• Change you diet: Continue to eat from the abundance of fresh fruits and vegetables that are available.  In the late summer we need a slightly more dense diet then in the dog days of summer.  Add a little more grain, a little more protein (maybe some nuts, seeds, beans, a little meat, eggs), and a little more fat.
Fresh Produce to Eat in Late Summer
Apples Garlic Pears
Arugula Green Beans Peppers – sweet and hot
Basil Green Onions Plums and Pluots
Beets Kale Potatoes
Broccoli Leeks Radishes
broccoli raab Lettuce Raspberries
Cabbage Melons Rosemary
Cantaloupe Nectarines Rutabagas
Carrots OKra Snow Peas
Cauliflower Onions Spinach
Celery Oregano Summer Squash
Chard Oranges Thyme
Cucumbers Parsley Tomatoes
Currants Packham Pears Watermelon
Eggplant Peaches Winter Squash


Fresh ripe tomatoes on white background







Late Summer Vegetable Medley

  1. olive oil
  2. 1/2 small sweet onion, diced
  3. 1 medium zucchini, diced
  4. 1 ear of corn, blanched, kernels removed from cob
  5. 1/2 pint sungold (or some other sweet) cherry tomatoes
  6. 3 Tablespoons snipped fresh  basil
  7. sea salt to taste
Heat olive oil in pan. Sauté onion about 5 minutes until soft.  Add zucchini, and sauté 5 minutes more.  Stir in remaining ingredients and serve.

Late summer is beginning to transition into autumn.  Feel the difference in the air and in the hours of daylight.  Notice that the summer vegetables have slowed down production and the flowers are less profuse.  Labor Day culturally marks a change of pace in our lives as we resume the bustle of back to school, and we relinquish the playful days of summer and more leisure.

The following recipe doesn’t only use locally grown ingredients, and it’s always popular at gatherings.  Having just received several requests at a Pot Luck, I decided to include it here.


Balinese Rice Salad
from The Moosewood Daily Special Cookbook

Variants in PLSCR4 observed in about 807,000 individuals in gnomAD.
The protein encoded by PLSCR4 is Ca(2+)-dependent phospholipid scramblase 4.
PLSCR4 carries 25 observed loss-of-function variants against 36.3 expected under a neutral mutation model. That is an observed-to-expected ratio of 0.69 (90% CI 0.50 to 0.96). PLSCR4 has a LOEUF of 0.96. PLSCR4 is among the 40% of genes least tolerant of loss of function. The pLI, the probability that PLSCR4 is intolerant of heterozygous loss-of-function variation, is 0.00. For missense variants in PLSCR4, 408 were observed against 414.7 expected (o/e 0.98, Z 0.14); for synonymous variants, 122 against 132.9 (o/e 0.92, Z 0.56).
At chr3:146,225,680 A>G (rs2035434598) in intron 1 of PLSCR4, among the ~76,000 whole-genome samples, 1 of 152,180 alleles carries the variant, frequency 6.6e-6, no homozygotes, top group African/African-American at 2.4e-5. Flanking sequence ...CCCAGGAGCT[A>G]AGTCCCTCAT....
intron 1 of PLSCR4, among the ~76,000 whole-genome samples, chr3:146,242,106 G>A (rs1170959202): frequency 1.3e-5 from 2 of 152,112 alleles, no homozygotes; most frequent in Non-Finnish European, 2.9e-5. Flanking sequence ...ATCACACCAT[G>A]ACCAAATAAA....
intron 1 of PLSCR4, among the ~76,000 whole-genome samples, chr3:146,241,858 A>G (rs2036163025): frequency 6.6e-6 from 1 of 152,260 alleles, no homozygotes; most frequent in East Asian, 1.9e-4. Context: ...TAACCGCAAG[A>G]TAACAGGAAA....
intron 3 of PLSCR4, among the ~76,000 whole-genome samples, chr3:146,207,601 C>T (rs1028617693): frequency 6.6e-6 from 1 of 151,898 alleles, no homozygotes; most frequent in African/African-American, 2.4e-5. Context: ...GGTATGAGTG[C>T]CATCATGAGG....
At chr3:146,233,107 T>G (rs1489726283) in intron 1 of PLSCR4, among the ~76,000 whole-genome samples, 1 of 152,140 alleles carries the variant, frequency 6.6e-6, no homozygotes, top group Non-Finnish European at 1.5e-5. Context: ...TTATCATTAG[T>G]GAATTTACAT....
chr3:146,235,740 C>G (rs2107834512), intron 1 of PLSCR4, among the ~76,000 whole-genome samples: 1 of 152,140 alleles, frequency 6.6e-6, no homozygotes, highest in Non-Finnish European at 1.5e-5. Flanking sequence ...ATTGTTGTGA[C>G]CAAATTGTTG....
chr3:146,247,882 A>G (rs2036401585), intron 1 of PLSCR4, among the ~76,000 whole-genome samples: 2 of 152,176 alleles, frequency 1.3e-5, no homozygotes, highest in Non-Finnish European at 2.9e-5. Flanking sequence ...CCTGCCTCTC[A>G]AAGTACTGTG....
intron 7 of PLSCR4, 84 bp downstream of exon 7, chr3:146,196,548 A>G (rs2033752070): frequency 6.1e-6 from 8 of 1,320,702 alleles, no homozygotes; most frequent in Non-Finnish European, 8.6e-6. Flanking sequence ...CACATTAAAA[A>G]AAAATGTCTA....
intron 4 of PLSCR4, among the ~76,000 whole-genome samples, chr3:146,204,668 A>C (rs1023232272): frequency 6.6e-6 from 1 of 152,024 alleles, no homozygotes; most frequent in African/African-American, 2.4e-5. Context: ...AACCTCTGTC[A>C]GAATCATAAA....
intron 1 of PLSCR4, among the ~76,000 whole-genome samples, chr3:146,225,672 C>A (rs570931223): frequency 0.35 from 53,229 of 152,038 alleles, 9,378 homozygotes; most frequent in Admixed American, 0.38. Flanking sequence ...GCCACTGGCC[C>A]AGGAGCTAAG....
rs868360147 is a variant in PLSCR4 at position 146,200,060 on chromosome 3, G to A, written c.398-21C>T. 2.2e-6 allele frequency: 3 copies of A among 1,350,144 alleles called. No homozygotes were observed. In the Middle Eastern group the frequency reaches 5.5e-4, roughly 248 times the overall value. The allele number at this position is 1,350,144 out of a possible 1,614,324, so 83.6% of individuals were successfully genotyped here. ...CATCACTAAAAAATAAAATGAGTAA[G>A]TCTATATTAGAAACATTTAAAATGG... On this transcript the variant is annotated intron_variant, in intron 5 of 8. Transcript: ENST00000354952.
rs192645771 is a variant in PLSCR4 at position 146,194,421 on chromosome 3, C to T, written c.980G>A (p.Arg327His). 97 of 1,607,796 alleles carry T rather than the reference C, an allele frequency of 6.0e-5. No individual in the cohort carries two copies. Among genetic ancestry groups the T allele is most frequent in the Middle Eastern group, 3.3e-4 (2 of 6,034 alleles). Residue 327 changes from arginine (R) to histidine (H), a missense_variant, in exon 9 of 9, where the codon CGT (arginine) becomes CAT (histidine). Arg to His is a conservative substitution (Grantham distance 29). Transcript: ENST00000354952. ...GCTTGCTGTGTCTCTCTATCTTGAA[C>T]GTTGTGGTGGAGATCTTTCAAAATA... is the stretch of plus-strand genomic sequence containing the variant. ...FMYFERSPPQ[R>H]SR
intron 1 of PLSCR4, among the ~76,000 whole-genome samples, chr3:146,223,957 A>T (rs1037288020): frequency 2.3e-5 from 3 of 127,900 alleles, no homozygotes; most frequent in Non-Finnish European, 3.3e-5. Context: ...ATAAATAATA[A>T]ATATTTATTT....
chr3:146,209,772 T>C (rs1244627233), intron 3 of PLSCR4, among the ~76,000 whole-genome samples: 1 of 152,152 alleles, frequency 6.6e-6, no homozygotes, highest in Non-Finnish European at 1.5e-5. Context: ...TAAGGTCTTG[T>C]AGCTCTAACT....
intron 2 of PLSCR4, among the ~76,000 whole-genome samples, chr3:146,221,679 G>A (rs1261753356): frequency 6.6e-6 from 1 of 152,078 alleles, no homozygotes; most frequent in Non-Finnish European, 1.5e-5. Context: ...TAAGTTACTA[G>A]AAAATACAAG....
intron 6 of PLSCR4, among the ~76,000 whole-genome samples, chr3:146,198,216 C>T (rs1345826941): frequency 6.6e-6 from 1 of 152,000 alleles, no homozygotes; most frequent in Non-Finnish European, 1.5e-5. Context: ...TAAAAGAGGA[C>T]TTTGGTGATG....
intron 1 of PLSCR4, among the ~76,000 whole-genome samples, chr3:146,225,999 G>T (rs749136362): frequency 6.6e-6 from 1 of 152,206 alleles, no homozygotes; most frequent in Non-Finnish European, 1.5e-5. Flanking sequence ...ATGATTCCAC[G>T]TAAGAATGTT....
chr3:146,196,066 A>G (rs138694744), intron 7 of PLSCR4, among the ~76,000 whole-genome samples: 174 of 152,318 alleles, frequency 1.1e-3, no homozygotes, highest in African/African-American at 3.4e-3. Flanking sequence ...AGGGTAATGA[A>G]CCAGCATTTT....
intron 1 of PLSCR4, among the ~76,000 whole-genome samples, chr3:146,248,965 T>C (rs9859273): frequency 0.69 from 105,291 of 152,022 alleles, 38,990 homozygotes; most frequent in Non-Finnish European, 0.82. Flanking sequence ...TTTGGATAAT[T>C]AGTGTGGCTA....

1. 1/2 cup prepared hot mango chutney
  2. 2 Tablespoons apple cider vinegar
  3. 2 Tablespoons organic canola oil
  4. 2 Tablespoons unsweetened pineapple juice
  5. 1 large garlic clove, pressed
  6. 1 Tablespoon soy or tamari sauce
  7. 1 teaspoon sea salt
  1. 1 cup raw rice, cooked as usual
  2. 3/4 cup fresh pineapple, diced
  3. 2 scallions, sliced
  4. 2 celery stalks, thinly sliced
  5. 1 red, yellow, or orange bell pepper, diced
  6. 3/8 cup raisins
  7. 1 1/2 cups mung bean sprouts
  8. 1/2 cup toasted cashews
Cook rice.  Meanwhile toast cashews, cut up vegetables, and combine ingredients for dressing.
When rice is cooked and has sat 10 minutes, add it while still hot to the bowl of vegetables.  Pour dressing into bowl and stir to combine.  Sprinkle with cashews.

Here are a couple more recipes as we transition from late summer.  Make this first one while fresh eggplant and tomatoes are still available.

Eggplant Quiche

  1. whole wheat pastry crust
  2. 1 small eggplant
  3. 2 plum tomatoes, seeded and chopped
  4. 1/2 cup chopped onion
  5. 1 clove garlic, minced or pressed
  6. 1/4 cup sliced black olives
  7. sea salt and pepper to taste
  8. 1 tsp. oregano
  9. 4 eggs
  10. 1/2 cup plain yogurt
  11. 1/2 cup heavy cream
  12. 1/3 cup Parmesan cheese (optional)
Slice eggplant, brush with oil, bake at 350 degrees until soft (about 15 minutes).  When slightly cooled, peel and chop.  Then sauté onion about 5 minutes until soft.  Add garlic, eggplant, and tomatoes.  Sauté about 2 minutes, add olives and seasonings, sauté 2 minutes more.  Drain any excess liquid by pressing in colander.
Prick crust, cover with aluminum foil and bake at 425 degrees for 5 minutes.
Meanwhile, beat eggs, yogurt, and cream.
Remove foil.  Place vegetable mixture in bottom of crust.  Pour egg mixture over top.  Sprinkle with Parmesan cheese if desired.
Bake at 425 degrees for 15 minutes.  Reduce heat to 300 degrees and bake 30 minutes more.

Beet and Apple Slaw

from the September sales flier at My Organic Market

  1. 2 1/2 lbs. beets
  2. 1/2 cup red wine vinegar
  3. 2 tablespoons raw cane sugar
  4. 4 cups water
  5. 1 lb. apples
  6. 2 green onions, thinly sliced
  1. 1 Tablespoon Dijon mustard
  2. 2 Tablespoons horseradish
  3. 2 oz. raspberry vinegar
  4. 6 oz. olive oil
  5. salt and pepper to taste

Boil beets, red wine vinegar, sugar, and water until beets are tender (30-50 minutes, depending on size).  Shock beets under cold running water.  Remove skin.  Slice cooked beets and raw apples in long, thin matchstick shaped pieces.

Dressing:  Combine ingredients except olive oil.  While whisking continuously, pour in olive oil and continue whisking to create an emulsion.

Pour dressing over beets and apples; stir to combine.  Sprinkle with green onions.